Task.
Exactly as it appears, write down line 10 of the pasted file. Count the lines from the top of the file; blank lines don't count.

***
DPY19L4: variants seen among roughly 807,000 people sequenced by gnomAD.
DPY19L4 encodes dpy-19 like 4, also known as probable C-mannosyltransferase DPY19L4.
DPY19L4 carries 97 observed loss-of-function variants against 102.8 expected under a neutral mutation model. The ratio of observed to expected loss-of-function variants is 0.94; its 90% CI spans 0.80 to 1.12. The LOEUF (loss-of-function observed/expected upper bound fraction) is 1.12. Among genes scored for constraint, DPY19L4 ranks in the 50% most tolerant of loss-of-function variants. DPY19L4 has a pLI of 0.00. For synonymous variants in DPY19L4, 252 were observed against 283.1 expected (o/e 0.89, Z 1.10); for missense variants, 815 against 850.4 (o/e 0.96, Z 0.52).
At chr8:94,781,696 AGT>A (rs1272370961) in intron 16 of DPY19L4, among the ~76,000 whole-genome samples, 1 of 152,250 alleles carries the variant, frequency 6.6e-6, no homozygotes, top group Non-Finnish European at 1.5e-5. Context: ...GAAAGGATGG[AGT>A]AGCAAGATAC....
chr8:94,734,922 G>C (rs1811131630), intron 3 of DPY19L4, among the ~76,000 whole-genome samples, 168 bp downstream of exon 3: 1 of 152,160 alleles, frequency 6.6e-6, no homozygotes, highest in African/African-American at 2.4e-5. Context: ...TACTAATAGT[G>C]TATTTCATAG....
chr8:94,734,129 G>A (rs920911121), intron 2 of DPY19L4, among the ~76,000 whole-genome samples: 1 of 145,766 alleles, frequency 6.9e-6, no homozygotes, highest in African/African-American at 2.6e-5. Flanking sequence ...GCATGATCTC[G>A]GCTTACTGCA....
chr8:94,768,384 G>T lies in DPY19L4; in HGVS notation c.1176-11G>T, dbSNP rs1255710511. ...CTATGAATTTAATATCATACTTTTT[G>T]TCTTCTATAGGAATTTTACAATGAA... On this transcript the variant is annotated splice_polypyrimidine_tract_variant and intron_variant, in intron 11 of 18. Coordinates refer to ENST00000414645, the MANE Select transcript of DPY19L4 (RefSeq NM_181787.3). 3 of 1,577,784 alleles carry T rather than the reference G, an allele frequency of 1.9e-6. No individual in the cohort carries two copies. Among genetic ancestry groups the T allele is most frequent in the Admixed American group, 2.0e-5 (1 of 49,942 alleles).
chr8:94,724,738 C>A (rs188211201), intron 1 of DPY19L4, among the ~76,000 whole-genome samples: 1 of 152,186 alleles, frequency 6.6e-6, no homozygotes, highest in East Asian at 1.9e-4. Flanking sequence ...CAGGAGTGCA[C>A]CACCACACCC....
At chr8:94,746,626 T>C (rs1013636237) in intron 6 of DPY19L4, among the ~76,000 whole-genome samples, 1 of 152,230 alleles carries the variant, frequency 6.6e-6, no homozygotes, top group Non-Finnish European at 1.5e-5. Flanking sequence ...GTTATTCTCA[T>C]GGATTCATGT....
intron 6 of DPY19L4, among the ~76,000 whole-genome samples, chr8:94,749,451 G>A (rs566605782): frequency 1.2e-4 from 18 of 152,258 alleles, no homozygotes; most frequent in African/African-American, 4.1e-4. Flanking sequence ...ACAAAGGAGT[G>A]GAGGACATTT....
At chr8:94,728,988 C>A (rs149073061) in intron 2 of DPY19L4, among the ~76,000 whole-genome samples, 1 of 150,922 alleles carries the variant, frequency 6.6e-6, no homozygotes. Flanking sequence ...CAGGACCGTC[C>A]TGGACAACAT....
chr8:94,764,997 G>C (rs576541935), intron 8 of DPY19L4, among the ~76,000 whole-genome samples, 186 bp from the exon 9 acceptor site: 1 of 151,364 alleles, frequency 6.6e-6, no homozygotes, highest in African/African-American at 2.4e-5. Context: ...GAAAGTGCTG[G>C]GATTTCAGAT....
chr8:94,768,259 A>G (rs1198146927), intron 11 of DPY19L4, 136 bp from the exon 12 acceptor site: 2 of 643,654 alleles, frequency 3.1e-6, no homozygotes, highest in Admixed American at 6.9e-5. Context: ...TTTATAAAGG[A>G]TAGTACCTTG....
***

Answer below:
intron 6 of DPY19L4, among the ~76,000 whole-genome samples, chr8:94,749,451 G>A (rs566605782): frequency 1.2e-4 from 18 of 152,258 alleles, no homozygotes; most frequent in African/African-American, 4.1e-4. Flanking sequence ...ACAAAGGAGT[G>A]GAGGACATTT....